Nurse Growler might not have been the most friendly and caring of nurses, but she had always been extremely professional, and was never short of medical equipment should the need arise. She could usually lay a paw upon some important implement – night and day – becalmed or tempest – sober or totally rat-arsed. And so she did that night in Danglydong Dell. From somewhere (no one could honestly say that they witnessed its appearance) Nurse Growler produced a heavy cast iron enamelled bed pan.

Upon the dais Darkwood flinched. He’d never seen a bedpan before, and feared that it was some terrible advanced form of weaponry. And he was right. Nurse Growler stood up, pushed Doctor Growbag’s head between his knees so that she had room to swing, and proceeded to revolve upon the spot – building up speed with every turn – until she launched the bedpan with all the skill and fury of a rodentolympic hammer thrower. The bedpan then sliced through the air in a rising arc like a startled sparrow with a veterinarian’s thermometer up its jacksey.

In his bath chair Huck Ballesteroid had a terrible sense of foreboding. Ever since childhood he’d been certain that one day this moment would come. And now it had arrived – not on the battlefield as he’d hoped – but in Danglydong Dell; on a winter’s night; with everyone watching. He sighed in the face of dreadful inevitability and made his peace with his chosen deity.

The bedpan, when it arrived, came out of the dark night sky like a silent meteorite, or an avenging dirigible passenger’s frozen turd. It caught Huck directly between the eyes – knocking him senseless, and pitching him backwards into the lukewarm water of his bath chair.

For a moment utter silence reigned. Then Horatio (who had history with Huck) cheered like a hamster possessed, and within a heartbeat the entire dell had erupted with a cheerful chorus of hoorahs.

Darkwood didn’t know what to make of it. So he leant forward and spoke into the microphone, and said, “I say, do you want to hear my tale, or not?”

© Paul Trevor Nolan 2013

Fantasy? The writers of Game of Thrones should have read this book before they wrote that series. Imagine how much better it would have been – especially the ending! But that’s by-the-by: they didn’t, and the world’s a sorrier place for their omission. But you can still buy this tale of derring-do at most e-book retailers – some of which are mentioned on the sidebar or in Tooty’s Books Available Here beneath the header. Also check out the Lulu logo on the sidebar.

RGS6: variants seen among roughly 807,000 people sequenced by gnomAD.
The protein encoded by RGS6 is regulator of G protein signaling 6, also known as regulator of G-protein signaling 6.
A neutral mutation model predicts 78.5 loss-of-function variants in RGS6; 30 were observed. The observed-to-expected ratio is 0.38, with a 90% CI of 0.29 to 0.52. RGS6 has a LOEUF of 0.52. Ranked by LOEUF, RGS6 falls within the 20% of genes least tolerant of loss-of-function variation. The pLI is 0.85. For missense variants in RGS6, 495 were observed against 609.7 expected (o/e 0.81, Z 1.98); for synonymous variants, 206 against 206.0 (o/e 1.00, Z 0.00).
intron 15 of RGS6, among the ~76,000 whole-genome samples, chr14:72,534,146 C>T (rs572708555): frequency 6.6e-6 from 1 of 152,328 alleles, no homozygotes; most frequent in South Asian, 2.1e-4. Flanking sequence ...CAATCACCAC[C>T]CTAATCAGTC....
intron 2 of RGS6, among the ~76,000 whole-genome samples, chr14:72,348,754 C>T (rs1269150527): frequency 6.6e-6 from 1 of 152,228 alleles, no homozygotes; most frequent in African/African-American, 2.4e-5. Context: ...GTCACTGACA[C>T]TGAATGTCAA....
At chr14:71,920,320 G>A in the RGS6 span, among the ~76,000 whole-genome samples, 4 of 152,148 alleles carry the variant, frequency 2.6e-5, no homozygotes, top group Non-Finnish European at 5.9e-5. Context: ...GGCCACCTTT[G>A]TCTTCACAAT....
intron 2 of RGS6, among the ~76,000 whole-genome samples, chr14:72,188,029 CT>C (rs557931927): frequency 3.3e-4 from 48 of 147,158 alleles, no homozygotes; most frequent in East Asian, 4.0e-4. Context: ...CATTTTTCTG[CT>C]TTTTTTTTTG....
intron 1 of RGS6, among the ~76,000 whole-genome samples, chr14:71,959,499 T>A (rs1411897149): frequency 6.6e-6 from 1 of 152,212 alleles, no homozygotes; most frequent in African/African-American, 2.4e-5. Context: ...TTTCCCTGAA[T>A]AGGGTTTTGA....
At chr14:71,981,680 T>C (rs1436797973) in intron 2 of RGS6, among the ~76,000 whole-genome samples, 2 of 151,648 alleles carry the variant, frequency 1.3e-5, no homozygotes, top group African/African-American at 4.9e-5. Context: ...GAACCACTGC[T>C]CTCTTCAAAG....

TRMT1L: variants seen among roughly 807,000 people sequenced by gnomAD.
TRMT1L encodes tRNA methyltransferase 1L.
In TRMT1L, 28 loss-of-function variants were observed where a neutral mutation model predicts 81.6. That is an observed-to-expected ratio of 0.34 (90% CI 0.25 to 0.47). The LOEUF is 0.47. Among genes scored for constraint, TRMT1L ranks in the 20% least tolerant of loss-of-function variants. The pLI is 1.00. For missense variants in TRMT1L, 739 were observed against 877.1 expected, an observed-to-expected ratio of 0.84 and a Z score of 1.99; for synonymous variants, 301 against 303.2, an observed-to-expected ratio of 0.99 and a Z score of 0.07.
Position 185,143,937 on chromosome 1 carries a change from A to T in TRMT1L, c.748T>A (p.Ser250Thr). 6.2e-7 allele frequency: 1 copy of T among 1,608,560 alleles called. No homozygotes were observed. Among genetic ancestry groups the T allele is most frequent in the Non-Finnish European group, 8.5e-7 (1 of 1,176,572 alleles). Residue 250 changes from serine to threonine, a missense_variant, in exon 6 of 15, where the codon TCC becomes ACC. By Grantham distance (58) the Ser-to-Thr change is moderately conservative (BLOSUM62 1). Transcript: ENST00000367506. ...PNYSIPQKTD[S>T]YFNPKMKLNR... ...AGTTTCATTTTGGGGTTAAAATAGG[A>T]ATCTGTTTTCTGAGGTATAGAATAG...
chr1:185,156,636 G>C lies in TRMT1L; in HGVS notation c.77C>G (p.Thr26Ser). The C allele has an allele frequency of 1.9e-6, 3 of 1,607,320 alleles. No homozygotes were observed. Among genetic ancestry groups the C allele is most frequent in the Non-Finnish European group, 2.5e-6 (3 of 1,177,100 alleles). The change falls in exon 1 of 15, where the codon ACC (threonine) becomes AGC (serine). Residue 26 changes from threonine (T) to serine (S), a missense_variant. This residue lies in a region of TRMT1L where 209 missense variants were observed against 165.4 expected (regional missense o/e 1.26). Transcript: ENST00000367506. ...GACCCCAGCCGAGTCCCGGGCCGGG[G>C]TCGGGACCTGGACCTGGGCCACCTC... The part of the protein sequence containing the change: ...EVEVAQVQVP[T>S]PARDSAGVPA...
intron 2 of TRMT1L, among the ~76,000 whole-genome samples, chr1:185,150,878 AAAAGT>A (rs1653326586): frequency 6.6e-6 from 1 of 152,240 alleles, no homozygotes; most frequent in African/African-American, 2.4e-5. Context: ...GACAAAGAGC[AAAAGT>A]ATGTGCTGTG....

Smart Phone Wallpaper Test: When Bathroom Walls Close In

I found a blog in which the owner gave away wallpapers for smart phones. I thought: “Neat”, so duly downloaded one to test its properties – those being 26mp resolution, and sized at 473 x 1024 pixels. I then duplicated those dimensions with an Earplug Adventure picture. As a Mark One, it kind of worked, but will need tweaking. But just as a test – should you own a smart phone of course – could you download the following picture, to see if it fits and is of acceptable quality? That would be very useful. If it works, I’ll do some more – hopefully better. 

Leave your comments and results in the comments box below. Thank you.

Photographic Art: Making Something Out of Bugger All 1

Ladies and gentlemen, please allow me to present….The Space Testicle!

And just to prove that I created this wondrous inter-planetary gonad out of bugger all…here is the original shot of post-meal gravy boat dregs…

I’ll take a picture of anything and everything, me.

Aesthetics: The Art of Considerate Parking

When I lived in Spain, I drove a metallic purple Renault Twingo. It was a terrific car, which I enjoyed driving more than any car before or since. One factor of the day-to-day pleasure came in the form of selective parking. That is – deciding which car (in a car park or at the side of the road) to park my car beside. “Ugh?” I hear those readers less concerned with aesthetics (and more into practicality) say in consternation. “Surely it’s best to park closest to where I want to go.” Not so, say I. You should always consider how your car would look beside another. I mean, you wouldn’t want to park a green car beside a red one, would you? Gosh – wouldn’t that clash horribly! Or a black one beside a silver one. Of course you wouldn’t: at least not unless you were an Oakland Raiders fan. Take a look at this picture that I snapped recently in a supermarket car park…